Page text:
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15 November, 1999

Taking a Gamble at Poker Flat (65 degrees north latitude, 147 degrees west longitude)

Today was an exhausting day of data collection at two of our field sites, MST and LGP (definitely not to be confused with the LPG!) In any case, going out onto the lakes is a game of skill and chance: knowing how to take the necessary measurements without disturbing the transect, while gambling that the temperature probes would continue to function and that we could ward off frostbite.

Today's temperature was -12 degrees Celsius. What made it especially difficult were the strong winds and the lack of any significant light. Just before lunch I snapped a shot of the southeastern sky (see photo). Notice that there's something missing?? Yikes! The sun never made it over the hilltops (no sunscreen or sunglasses necessary!)

Martin and Kim have developed a three-part protocol for data collection. In the photos below you will see us carrying out the following steps:

1. Running the measuring tape out along the transect and, at each meter, recording the temperature of the snow/ice interface as well as the snow depth.

2. Collecting a known volume of snow at each 10-meter interval so that density can be calculated back in the lab (more details about this on Friday!)

3. Drilling a hole in the ice every 10 meters (a great way to stay warm) in order to determine ice thickness.

Martin (Dr. Jeffries) has given me permission to make all of the winter's data available to teachers and students interested in carrying out similar studies. Tomorrow I will enter these data into a computer back at the Geophysical Institute, and we will be able to determine what changes have occurred in ice thickness, snow density, and in the corresponding heat fluxes. I will explain how to carry out these calculations. It would be interesting to compare your data to ours!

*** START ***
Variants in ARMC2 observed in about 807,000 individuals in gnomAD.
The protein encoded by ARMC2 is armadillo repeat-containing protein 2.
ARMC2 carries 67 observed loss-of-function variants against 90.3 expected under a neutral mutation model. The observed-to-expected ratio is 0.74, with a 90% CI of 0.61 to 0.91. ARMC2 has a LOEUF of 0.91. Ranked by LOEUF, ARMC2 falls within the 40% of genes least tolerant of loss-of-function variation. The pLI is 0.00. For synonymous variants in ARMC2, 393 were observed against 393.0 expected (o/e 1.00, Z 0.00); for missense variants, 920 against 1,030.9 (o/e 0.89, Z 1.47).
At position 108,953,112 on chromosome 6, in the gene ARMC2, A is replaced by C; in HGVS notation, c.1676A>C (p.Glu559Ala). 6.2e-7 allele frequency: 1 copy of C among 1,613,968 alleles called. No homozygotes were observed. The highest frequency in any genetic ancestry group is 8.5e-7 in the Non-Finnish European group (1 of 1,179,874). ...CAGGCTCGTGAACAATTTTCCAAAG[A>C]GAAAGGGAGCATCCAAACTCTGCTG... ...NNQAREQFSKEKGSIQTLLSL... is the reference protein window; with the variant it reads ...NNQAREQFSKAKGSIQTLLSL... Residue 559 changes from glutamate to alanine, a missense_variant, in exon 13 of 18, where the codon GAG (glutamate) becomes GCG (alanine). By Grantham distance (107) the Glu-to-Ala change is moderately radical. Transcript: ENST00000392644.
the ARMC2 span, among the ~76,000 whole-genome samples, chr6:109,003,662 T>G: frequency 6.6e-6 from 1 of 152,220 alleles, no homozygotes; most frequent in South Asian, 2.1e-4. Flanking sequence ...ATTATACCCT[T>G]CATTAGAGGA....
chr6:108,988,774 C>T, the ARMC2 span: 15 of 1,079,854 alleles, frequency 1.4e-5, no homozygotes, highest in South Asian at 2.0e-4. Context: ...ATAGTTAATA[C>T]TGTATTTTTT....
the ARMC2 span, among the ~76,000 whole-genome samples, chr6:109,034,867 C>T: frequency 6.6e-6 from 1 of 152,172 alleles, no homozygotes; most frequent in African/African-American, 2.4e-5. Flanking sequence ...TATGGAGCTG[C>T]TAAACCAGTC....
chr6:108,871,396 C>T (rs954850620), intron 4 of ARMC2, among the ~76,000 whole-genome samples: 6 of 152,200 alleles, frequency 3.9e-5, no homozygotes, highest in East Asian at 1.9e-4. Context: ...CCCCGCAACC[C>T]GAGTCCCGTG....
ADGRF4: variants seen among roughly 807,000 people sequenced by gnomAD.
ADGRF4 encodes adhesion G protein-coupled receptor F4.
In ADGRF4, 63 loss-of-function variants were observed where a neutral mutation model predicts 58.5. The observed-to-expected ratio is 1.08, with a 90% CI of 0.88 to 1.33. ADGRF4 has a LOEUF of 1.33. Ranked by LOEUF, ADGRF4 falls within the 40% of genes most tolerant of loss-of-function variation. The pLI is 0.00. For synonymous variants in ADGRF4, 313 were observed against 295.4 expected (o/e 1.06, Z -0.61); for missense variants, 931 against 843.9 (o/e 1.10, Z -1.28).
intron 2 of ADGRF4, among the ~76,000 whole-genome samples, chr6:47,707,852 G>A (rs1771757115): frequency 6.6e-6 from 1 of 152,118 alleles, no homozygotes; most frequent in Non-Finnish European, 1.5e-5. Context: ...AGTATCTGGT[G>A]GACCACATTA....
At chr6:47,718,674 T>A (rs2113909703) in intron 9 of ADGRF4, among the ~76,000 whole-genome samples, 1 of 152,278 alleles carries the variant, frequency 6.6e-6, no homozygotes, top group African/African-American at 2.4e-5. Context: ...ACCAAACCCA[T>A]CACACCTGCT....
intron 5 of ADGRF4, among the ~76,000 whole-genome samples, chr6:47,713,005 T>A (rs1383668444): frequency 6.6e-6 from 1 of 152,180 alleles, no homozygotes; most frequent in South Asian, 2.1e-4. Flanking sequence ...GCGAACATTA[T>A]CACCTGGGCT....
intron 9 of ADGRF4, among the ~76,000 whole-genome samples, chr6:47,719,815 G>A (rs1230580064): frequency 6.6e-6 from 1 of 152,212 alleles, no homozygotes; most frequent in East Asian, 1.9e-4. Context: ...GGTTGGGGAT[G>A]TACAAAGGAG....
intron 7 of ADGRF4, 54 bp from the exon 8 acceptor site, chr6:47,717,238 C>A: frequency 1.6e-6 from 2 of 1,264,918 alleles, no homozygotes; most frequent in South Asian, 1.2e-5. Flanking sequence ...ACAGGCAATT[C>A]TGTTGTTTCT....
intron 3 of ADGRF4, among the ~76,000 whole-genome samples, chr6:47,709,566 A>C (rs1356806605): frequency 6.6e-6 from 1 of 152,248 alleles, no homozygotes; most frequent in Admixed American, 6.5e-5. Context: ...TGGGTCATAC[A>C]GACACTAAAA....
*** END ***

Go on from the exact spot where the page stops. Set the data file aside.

Studying the surface energy budget in Arctic regions is a significant part of helping scientists to understand regional and global climate systems more fully. Ocean, lake, and river ice also plays an important role in the life cycles of animals, and in <A HREF="http://www.nmnh.si.edu/arctic/ ">Alaskan culture</A>. One modern day extension of this is the annual Nenana "Ice Classic" during which residents of Nenana, Alaska (see map) run a lottery based on when the river ice will break up (see photo and web site: http://www.explorefairbanks.com/fairbanks/html/flash.html )

Martin thought it would be a great idea for us to sponsor an ICE CLASSIC competition of our own! We will be asking YOU to make predictions on the end-of-the-season lake ice thicknesses. Naturally, you will need to see some data before you take a stab at this, but there will be prizes for those who come closest! Watch for more about this during my January trip!

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